Saturday, January 28, 2012
I've Kind of Ruined Animal Crossing for Myself
With a PSP that's on the fritz, a month til the Vita drops, and a lackluster DS library, my options for portable gaming have been limited. It doesn't help that I keep forgetting to check out DS games at GameStop whenever I go there, but that's another matter entirely. So since I've disallowed Harvest Moon DS to ever grace my system again, I'm burnt out on Rune Factory still, and my other DS games are more or less "Played it, Beat it, Don't Care" (Castlevanias, GTA: Chinatown Wars, etc.), I decided "Welp, guess it's time to go back to Guardia." Guardia being the name of my town in Animal Crossing: Wild World for DS. I'd always considered going back to it, but, well, the game kind of encourages continued play through something resembling penalties for staying away.
In Wild World's case at least (As well as City Folk since the games are fairly interchangeable, don't know about the first game) if you're not around then nobody else will pick the weeds that constantly grow within the walls of your town. For some reason. This is an issue, of course, because it causes your town to devalue or something, nobody likes living there, and eventually you're stuck with a bunch of people moving out because the place is such a crapsack. So when you do hop back in, you have quite a bit of work to do before you can get back to the daily grind of life in an Animal Crossing game. So the first few hours that I spent playing, it was doing nothing but going around and pulling up weeds because yes it took that long. I did discover, however, during my weed pulling that only one inhabitant of Guardia had moved out. Who this person was, I don't recall, of course, nor did I get a letter, I think, so it was of no concern. Replacing whoever it was was a new person already, a cat with the skin of an orange (not kidding) calling herself "Tangy". I have been avoiding Tangy.
Of course, once I finally got things set up, there was only about an hour of play to be had in Wild World. Look about for fossils and dig them up, have them appraised by the Owl working the Museum and pocket them for selling to Nook. (Because I have pretty much all the Dinosaur skeletons put together already) Grab a cup of coffee from the cafe under the Museum (despite having the avatar of a ~13 year old kid). Start digging behind rocks and then smacking them to try and get bags of money (the holes being the thing holding you in place to get the max of seven bags). Check the recycling for free items. Visit the Able Sisters and check out their stock. Go to Nook's, sell things, check the catalog and see if I haven't already had something the Sisters are selling. Repeat for Nook's furniture stock upstairs. Talk to villagers if I feel like it. And finally, go home and go to bed so I can turn the game off.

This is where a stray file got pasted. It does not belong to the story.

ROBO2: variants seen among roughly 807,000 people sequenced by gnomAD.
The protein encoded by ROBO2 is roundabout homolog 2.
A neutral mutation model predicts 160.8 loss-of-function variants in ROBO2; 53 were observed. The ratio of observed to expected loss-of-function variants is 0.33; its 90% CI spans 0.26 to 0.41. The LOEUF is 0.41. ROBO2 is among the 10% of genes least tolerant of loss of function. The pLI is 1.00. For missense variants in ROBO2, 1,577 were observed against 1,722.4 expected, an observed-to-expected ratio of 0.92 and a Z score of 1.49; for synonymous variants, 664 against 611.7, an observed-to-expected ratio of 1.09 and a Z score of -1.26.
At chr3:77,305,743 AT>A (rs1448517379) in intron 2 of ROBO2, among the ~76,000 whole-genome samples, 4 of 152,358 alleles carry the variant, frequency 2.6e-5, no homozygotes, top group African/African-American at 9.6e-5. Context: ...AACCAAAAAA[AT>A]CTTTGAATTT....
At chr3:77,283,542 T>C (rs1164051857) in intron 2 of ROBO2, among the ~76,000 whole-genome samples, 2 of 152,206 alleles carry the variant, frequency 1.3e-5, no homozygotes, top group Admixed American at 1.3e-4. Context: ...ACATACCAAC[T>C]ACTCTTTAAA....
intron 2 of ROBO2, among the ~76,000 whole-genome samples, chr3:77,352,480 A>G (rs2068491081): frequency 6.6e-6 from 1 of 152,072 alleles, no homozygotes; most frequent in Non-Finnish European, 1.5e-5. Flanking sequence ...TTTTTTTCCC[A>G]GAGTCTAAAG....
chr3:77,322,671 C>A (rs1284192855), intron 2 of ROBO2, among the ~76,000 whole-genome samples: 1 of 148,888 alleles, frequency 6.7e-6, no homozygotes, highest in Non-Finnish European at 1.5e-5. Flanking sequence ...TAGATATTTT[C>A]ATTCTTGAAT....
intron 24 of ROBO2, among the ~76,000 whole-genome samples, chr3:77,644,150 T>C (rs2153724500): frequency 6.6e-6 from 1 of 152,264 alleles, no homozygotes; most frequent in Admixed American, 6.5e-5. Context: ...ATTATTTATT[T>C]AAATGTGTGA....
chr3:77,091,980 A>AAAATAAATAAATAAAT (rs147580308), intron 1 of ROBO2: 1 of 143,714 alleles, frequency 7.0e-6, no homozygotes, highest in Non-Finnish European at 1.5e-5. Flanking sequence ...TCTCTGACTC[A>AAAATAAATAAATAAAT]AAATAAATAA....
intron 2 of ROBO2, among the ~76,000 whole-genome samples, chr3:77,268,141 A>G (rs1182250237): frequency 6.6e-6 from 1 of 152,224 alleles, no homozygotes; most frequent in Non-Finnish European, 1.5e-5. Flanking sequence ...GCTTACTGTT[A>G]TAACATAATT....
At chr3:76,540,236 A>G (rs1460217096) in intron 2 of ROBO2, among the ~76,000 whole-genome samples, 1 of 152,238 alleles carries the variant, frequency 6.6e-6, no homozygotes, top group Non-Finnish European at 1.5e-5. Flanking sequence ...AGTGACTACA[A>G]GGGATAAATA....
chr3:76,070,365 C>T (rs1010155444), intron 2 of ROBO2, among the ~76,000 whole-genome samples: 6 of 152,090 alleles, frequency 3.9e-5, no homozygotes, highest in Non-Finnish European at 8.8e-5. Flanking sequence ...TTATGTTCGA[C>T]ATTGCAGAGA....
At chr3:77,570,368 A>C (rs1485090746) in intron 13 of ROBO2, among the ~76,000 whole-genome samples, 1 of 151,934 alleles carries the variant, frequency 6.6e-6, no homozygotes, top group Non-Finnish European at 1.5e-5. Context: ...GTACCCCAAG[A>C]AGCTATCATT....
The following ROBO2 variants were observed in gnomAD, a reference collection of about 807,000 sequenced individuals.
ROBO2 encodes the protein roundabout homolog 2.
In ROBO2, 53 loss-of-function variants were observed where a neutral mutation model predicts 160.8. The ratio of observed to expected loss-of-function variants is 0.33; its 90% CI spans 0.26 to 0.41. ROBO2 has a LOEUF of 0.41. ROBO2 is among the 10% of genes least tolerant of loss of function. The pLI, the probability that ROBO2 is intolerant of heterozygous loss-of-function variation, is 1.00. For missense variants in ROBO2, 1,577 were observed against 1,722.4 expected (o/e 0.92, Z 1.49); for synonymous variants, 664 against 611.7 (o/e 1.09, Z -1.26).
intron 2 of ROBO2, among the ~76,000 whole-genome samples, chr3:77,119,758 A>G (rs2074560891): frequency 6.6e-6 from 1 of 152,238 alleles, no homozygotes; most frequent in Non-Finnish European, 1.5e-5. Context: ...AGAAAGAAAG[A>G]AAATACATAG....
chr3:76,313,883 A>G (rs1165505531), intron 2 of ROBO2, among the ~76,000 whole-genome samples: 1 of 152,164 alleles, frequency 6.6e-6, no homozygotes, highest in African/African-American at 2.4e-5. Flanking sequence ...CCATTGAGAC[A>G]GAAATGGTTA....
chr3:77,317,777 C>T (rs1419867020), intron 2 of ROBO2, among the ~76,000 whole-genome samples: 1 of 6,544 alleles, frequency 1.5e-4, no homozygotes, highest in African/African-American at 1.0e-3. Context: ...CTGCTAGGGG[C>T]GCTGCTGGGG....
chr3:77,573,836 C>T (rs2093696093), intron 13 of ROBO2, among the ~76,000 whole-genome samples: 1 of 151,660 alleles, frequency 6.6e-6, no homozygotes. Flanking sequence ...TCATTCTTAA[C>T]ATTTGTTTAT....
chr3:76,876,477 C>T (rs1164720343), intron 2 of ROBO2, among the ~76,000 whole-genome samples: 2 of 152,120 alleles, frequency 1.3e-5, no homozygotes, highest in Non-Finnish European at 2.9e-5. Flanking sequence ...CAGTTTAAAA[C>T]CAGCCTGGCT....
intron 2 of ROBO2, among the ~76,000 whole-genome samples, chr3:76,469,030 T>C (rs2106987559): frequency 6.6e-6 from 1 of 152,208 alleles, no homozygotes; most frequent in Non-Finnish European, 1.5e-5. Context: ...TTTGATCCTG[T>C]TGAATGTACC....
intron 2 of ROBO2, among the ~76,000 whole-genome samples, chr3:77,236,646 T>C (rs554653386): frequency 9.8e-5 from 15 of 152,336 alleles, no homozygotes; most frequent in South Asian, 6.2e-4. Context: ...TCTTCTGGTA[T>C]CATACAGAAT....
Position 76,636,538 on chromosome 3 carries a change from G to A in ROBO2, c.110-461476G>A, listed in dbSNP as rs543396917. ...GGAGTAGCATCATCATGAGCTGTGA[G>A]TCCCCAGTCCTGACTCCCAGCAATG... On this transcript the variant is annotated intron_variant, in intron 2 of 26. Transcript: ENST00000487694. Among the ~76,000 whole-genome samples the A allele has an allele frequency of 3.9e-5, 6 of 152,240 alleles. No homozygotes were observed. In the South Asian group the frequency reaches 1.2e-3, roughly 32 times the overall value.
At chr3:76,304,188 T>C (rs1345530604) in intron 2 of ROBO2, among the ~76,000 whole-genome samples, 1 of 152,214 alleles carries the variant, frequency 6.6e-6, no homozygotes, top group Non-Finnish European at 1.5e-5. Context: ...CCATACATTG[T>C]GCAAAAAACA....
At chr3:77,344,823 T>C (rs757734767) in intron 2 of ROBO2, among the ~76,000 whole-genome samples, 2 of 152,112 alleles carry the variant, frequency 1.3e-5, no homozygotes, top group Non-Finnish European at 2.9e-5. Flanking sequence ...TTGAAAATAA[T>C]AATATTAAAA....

It's very routine, unfortunately, because I can't seem to make Animal Crossing, er....not be routine. Wandering the limited slice of a world you're given just isn't too much fun, I've given up fishing, and I can't bother talking to the other residents beyond what's necessary since residents of a similar personality seem to, er, say the exact same things. And there's not that many different types of Personalities unfortunately. As was evidenced by Roald (a penguin) and Tank (a rhino) who lived directly next to each other and were obsessed with working out. While it was cool for the theme, since it made -sense- for them to live next to each other, they would oftentimes say the exact same thing to me after talking to the both of them, so it got a little less fun. It was about when I started figuring this all out that I came to a very unnerving conclusion.
Animal Crossing is basically a Facebook game you play on Nintendo products. It's kind of an outlandish claim at first, but the parallels are there. It's built from the ground-up to be played in short bursts everyday. Facebook games do this by having things happen in semi-realtime (Plants in Farmville only grow every few hours and such, Cafe World food takes hours to cook, etc.) and Animal Crossing does this by only having a limited amount of things you can do in a single day. They both tend to change in the day-to-day while largely remaining the same. (Sales in the in-game shops corresponding to certain days, celebrating holidays and the like) They both tend to have exaggerated art styles to cater to a wider audience. The only big difference is that Facebook games tend to be made by undesireables with the intention of siphoning money out of you for bonuses which, to be fair, some game companies do anyway. (See Bamco's Hyperdimension Neptunia's DLC)
I don't say this to be extremist or anything of that nature, nor is it a condemnation of Animal Crossing, as a lot of people see "Facebook Games" and instantly go to a bad place. Which is natural, of course, but having played a few Facebook games in my day, I can't help but see the similarities and be annoyed by them. After playing Mafia Wars for so long, it was less something I was playing and more something that I did because it was in my schedule which I can sort of how I see Animal Crossing capable of falling into. And try as I might, I can't really think of a way for it to get out of that rut beyond actually introducing more game to it, but at the same time, I'm not sure about that, either. With Animal Crossing played in real-time, there's only so much you can really put into the game, since you don't want to have enough content that people trying to do all of it every day will burn themselves out. But you -want- your players to play your game for more than a couple token hours as well, which is what I imagine a lot of Animal Crossing players do unfortunately. Perhaps Animal Crossing 3DS will offer a solution, but we won't be able to see until it's out.